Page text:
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This innovative subject is designed to explore the highly topical phenomenon of the globalisation of constitutional law. Taking the idea of legitimate authority as a focus, it examines two broad themes: (1) the extent to which national constitutional law is, or should be, converging on international standards; and (2) the extent to which international institutions are, or should be, influenced by standards of a constitutional kind. Under theme (1) it examines whether the constitutions of the world are, or ought to be, converging towards a point at which it will be possible to identify constitutional standards that apply within each state, with implications for the legitimacy of each constitutional order. Under theme (2) it examines the constitutional standards that properly apply to legitimate international legal institutions, e.g. Security Council, International Court of Justice (ICJ) and the World Trade Organization (WTO). Bringing the two themes together, the subject concludes by examining the prospects of a global constitutional court tasked with upholding a global constitutional minimum. The two lecturers in the subject bring different bodies of expertise to bear on these challenging issues. Laureate Professor Cheryl Saunders works in the field of global comparative constitutional law; Professor John Tasioulas is a legal philosopher, whose work focuses on international law.
Principal topics will include:
- The forces of internationalisation and globalisation
- Concepts and standards of legitimacy
- Mapping the constitutional systems of the world
- The possibilities of common standards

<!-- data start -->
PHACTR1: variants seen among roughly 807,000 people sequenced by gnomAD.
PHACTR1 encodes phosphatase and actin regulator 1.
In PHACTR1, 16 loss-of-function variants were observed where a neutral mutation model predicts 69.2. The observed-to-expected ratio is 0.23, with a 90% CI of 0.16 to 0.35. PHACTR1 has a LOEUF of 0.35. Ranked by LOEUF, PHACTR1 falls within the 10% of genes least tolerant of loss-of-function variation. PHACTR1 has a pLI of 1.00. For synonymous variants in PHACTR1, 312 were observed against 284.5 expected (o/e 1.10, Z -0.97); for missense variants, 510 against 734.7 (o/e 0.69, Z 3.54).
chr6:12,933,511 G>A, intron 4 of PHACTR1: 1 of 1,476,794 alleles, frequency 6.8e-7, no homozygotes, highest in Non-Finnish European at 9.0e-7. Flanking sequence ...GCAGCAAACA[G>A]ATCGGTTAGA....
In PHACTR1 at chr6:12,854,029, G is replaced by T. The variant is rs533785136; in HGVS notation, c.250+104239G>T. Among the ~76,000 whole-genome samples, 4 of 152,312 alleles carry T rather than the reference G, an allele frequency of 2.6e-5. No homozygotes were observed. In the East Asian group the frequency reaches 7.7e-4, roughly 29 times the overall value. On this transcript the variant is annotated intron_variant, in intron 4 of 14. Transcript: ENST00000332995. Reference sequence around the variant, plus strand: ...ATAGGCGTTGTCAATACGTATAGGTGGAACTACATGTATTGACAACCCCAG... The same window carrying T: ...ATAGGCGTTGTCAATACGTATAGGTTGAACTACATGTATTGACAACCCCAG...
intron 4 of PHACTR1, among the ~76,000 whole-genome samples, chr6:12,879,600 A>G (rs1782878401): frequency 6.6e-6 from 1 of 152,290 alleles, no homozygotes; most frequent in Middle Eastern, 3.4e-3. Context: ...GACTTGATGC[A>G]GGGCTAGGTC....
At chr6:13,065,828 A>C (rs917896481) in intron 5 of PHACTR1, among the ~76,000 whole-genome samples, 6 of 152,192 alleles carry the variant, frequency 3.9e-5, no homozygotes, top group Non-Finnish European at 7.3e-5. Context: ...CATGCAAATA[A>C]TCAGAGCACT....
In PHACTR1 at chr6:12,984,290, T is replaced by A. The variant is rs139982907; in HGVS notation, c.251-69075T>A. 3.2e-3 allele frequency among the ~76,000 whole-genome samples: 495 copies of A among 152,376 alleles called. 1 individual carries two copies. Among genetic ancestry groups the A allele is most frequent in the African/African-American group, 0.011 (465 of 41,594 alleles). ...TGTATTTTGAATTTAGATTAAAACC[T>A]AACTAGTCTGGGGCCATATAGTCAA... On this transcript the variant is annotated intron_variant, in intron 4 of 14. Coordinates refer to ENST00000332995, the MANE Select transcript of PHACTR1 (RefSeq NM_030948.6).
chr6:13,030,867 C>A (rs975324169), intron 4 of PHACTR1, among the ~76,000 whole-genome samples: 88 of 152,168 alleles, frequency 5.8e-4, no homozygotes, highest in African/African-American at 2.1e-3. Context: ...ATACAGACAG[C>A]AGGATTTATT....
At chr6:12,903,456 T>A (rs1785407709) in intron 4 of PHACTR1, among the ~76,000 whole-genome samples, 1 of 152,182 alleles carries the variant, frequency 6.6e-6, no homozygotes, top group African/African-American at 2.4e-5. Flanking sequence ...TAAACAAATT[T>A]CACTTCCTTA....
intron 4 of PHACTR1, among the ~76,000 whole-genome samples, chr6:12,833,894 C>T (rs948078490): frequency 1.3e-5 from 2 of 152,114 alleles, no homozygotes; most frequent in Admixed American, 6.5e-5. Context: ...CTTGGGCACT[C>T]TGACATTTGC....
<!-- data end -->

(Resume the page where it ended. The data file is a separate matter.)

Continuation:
- Mapping the international legal system
- Constitutional standards and international institutions
- Case study: an International Constitutional Court?
Intended learning outcomes
A student who has successfully completed this subject will:
- Understand and be able to evaluate the impact of internationalisation and globalisation on national constitutional systems
- Understand the concept of legitimacy as it applies to law and the sorts of considerations that are relevant to establishing it
- Understand and be able to assess the significance of the movement of authority to the international sphere
- Have a reasoned position on the extent to which common constitutional standards are emerging through the convergence of national constitutional systems
- Understand how and why questions of constitutional standards arise in relation to international decision-making
- Be able to evaluate the extent to which constitutional standards adapted from national experience or developed from other sources can and should be applied at the international level
- Appreciate the implications of these developments for the legitimacy of national constitutions and the international legal order.
Last updated: 30 January 2024